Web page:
7 July 2017
Greg Kandra




The video above shows civilians still trapped in Mosul, as the battle against ISIS there rages on in its final days. (video: AFP/YouTube)

No escape from Mosul, and an unlikely chance of surrender (The New York Times) More than eight months after the Iraqi forces, supported by American airstrikes and advisers, began to wrest Mosul back from the Islamic State extremists, Prime Minister Haider al-Abadi appears to be poised to announce that the forces have finally retaken all of Iraq’s second-largest city. In Mosul, that victory appears to be tantalizingly close, but not quite at hand...

Stories patients told me in Mosul (The New York Times) There are unknown thousands of residents still trapped in Mosul. People who have managed to escape describe a dire situation. They say that Islamic State fighters, surrounded by the Iraqi forces, have been holding the population hostage and use them as human shields. Civilians have few options. Escape and risk the Islamic State snipers’ bullets, or stay and risk being accidentally hit by shells or mortars from the Iraqi forces...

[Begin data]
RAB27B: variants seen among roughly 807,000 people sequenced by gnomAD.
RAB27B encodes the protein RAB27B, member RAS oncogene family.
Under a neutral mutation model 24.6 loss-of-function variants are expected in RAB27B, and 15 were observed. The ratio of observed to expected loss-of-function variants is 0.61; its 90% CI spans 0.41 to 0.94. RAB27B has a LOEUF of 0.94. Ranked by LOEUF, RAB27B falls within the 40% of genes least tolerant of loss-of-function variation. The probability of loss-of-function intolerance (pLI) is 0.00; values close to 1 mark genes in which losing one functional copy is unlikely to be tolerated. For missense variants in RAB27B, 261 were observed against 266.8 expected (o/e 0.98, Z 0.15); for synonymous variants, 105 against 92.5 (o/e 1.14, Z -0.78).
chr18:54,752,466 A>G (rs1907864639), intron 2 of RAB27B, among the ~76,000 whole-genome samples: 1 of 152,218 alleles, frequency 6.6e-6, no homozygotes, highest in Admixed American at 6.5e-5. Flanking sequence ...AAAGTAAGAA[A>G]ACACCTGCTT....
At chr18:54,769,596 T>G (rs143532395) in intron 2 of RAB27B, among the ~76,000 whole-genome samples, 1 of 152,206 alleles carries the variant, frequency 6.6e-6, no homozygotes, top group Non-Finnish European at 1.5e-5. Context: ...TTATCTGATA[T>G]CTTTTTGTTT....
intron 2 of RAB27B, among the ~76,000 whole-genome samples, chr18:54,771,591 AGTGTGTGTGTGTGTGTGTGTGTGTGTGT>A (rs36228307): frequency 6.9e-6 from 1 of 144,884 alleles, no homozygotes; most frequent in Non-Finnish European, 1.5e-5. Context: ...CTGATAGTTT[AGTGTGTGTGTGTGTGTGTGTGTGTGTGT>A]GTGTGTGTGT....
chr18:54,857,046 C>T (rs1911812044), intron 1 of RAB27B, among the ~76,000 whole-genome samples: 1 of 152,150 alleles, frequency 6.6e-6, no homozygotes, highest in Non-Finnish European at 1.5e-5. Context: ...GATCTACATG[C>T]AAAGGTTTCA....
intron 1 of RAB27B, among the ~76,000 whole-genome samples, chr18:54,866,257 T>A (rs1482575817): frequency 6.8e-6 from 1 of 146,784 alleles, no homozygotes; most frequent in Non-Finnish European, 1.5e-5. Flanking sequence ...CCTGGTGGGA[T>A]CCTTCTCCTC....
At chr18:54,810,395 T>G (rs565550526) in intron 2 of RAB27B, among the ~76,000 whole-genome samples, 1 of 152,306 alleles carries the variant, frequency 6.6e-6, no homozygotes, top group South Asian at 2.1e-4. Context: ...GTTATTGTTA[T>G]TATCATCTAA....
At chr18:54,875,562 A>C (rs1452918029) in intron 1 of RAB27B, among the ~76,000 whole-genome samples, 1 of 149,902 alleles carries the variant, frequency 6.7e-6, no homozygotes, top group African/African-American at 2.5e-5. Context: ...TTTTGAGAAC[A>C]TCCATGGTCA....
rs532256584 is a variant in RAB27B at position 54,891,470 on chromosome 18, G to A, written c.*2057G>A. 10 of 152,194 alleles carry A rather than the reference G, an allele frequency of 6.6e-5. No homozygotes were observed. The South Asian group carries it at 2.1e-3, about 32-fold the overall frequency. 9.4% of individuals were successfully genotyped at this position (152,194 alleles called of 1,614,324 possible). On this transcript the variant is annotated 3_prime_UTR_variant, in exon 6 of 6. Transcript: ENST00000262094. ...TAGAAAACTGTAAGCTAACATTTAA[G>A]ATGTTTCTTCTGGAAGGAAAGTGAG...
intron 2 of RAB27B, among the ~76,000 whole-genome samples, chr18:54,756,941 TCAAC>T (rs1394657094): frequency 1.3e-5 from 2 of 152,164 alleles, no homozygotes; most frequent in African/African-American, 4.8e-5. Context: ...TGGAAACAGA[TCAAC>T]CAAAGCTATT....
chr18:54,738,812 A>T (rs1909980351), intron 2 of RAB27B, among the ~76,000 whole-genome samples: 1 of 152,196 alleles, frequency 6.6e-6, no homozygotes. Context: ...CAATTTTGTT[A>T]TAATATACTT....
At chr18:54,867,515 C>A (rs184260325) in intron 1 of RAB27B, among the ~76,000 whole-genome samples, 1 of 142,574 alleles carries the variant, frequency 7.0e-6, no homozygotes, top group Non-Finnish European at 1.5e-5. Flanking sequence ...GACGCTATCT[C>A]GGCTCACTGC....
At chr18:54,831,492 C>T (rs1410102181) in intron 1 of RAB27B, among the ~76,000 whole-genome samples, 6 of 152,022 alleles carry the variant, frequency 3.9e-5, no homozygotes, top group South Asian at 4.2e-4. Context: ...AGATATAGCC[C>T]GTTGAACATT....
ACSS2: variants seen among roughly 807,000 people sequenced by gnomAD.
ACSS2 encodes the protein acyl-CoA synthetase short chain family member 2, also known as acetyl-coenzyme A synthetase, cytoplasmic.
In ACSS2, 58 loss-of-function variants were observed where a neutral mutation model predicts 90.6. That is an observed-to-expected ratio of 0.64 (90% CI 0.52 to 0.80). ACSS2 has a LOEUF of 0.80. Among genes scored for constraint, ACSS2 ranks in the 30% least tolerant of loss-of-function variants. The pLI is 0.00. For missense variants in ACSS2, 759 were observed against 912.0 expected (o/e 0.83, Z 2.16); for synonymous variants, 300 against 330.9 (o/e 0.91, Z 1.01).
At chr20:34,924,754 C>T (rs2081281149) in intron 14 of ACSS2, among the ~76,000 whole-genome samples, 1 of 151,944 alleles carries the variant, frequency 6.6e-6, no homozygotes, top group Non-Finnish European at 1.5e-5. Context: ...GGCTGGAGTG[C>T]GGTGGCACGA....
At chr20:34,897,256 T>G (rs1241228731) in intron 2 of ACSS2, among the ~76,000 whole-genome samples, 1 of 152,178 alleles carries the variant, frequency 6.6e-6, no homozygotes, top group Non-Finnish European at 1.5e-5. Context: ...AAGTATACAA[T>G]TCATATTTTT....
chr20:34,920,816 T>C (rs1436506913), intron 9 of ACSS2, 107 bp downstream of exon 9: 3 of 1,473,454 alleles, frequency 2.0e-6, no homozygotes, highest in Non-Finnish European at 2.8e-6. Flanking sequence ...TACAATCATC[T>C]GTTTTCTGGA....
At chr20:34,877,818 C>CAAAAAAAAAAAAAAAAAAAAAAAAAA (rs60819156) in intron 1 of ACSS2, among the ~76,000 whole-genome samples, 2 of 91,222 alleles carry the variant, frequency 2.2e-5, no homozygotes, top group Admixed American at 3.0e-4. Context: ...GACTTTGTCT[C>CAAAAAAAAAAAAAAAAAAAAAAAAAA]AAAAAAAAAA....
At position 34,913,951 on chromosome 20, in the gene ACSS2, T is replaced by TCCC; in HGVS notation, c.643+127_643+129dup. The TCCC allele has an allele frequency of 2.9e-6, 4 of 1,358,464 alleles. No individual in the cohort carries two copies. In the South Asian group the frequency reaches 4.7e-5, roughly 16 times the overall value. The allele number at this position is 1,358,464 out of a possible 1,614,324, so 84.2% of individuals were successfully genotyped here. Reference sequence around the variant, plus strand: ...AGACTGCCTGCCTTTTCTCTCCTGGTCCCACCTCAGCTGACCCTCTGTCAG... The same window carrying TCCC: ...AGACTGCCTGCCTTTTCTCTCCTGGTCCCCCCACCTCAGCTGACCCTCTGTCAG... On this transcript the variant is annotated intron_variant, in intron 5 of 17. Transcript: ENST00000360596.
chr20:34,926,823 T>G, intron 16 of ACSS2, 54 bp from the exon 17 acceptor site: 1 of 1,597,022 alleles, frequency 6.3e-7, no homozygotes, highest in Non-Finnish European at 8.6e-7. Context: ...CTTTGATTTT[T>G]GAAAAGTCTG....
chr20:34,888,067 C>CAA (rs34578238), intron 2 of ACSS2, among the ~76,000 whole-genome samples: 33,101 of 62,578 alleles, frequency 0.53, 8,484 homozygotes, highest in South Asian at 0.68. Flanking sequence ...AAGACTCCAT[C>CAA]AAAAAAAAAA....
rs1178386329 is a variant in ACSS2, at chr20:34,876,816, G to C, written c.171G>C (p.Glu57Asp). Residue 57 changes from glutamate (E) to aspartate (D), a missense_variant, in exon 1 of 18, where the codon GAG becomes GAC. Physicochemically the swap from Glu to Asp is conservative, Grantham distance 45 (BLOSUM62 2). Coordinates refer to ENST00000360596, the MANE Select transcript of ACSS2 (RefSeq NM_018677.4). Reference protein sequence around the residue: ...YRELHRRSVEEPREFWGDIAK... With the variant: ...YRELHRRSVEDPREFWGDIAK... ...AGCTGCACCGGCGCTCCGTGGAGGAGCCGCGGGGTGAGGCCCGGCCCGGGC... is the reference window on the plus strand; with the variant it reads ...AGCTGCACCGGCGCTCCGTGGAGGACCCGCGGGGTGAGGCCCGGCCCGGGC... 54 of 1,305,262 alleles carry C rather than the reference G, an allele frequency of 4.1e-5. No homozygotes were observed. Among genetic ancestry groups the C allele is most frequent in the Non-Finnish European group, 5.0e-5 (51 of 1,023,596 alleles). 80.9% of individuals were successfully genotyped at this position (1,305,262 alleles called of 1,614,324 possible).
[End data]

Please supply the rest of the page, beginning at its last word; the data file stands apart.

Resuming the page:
Maronite bishops express concerns over private weapons (Fides) The proliferation of private weapons among civilians worries the Maronite bishops who call upon the Lebanese authorities to counteract it with effective measures. The Maronite bishops expressed their concerns about the spread of individual weapons among the civilians during their monthly meeting, held on Wednesday, 5 July, in the patriarchal seat in Berkeley...

Egypt’s Copts have no plans to arm youth groups (Al Monitor) Despite a recent news report, the Coptic Church of Egypt has no intention of arming or training its parishioners to fight, according to Bishop Anba Makarios, the top Coptic Orthodox cleric in Minya governorate...